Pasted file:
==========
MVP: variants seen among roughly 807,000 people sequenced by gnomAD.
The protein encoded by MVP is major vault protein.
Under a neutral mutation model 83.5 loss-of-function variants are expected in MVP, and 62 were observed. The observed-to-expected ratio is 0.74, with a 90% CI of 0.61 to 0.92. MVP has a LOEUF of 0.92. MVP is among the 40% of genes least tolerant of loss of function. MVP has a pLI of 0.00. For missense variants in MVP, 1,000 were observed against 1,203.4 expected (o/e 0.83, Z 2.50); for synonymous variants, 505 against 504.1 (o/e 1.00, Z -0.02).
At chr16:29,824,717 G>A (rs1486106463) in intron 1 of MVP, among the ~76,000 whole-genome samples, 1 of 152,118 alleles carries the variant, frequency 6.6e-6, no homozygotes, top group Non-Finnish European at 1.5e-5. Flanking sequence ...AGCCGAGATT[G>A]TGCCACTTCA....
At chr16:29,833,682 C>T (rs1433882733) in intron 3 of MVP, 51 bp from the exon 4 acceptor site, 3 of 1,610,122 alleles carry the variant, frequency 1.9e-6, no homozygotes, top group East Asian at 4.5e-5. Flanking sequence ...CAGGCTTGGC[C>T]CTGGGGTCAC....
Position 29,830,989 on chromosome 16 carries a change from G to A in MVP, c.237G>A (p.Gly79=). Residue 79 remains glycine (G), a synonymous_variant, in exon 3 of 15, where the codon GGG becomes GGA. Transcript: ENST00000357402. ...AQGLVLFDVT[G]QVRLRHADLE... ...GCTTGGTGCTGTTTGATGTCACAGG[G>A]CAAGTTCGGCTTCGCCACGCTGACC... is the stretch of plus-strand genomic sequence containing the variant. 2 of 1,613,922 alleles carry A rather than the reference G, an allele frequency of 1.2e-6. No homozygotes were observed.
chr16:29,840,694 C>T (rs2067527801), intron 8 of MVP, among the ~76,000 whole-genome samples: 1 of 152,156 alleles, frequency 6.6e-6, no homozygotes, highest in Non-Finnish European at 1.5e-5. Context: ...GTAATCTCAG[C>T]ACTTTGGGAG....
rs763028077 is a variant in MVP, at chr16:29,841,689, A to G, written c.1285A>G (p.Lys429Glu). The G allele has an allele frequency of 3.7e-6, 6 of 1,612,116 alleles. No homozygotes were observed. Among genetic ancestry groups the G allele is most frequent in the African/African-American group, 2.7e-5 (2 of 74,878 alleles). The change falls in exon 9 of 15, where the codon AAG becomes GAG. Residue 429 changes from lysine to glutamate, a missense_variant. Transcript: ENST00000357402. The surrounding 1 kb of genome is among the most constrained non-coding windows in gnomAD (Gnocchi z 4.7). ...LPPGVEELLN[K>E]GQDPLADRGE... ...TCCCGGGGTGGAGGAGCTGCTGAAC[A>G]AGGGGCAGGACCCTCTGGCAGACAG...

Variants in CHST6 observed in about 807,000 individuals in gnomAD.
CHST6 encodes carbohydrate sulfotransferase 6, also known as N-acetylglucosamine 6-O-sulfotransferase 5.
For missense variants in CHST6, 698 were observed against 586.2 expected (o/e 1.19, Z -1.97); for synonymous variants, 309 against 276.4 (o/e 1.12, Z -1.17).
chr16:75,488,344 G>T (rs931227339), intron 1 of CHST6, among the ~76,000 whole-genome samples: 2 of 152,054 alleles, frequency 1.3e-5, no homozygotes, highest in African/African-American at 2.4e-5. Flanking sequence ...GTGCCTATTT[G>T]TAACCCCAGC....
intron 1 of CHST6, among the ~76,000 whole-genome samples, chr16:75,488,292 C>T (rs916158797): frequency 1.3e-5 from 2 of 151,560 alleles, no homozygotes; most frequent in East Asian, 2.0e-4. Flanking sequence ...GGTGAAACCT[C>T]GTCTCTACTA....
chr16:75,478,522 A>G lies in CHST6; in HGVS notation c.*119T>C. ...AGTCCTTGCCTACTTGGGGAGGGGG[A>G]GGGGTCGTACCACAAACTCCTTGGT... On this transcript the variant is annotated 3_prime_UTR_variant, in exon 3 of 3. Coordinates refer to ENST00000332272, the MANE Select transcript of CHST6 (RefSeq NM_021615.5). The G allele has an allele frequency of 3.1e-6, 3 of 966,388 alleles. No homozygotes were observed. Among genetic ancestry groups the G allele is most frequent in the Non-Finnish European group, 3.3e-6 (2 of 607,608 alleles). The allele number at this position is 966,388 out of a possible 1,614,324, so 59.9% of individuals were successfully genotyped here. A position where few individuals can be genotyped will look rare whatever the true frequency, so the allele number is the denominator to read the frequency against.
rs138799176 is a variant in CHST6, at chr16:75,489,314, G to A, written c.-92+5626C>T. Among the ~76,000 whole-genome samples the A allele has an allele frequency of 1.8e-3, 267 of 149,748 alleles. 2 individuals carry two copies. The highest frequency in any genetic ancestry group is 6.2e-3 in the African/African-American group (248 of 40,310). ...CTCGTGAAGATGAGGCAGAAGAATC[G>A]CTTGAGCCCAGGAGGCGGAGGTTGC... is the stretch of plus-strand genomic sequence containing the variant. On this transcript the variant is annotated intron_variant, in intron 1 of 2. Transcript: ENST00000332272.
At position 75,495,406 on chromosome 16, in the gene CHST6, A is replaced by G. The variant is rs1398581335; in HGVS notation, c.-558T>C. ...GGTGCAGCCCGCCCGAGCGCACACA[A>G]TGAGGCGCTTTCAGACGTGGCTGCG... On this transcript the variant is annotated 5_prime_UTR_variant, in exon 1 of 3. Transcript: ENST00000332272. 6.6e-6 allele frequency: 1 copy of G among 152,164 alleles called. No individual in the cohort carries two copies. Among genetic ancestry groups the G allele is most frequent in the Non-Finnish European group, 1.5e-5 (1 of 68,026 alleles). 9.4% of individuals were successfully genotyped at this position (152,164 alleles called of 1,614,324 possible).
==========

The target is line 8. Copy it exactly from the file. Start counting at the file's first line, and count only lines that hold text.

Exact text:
rs763028077 is a variant in MVP, at chr16:29,841,689, A to G, written c.1285A>G (p.Lys429Glu). The G allele has an allele frequency of 3.7e-6, 6 of 1,612,116 alleles. No homozygotes were observed. Among genetic ancestry groups the G allele is most frequent in the African/African-American group, 2.7e-5 (2 of 74,878 alleles). The change falls in exon 9 of 15, where the codon AAG becomes GAG. Residue 429 changes from lysine to glutamate, a missense_variant. Transcript: ENST00000357402. The surrounding 1 kb of genome is among the most constrained non-coding windows in gnomAD (Gnocchi z 4.7). ...LPPGVEELLN[K>E]GQDPLADRGE... ...TCCCGGGGTGGAGGAGCTGCTGAAC[A>G]AGGGGCAGGACCCTCTGGCAGACAG...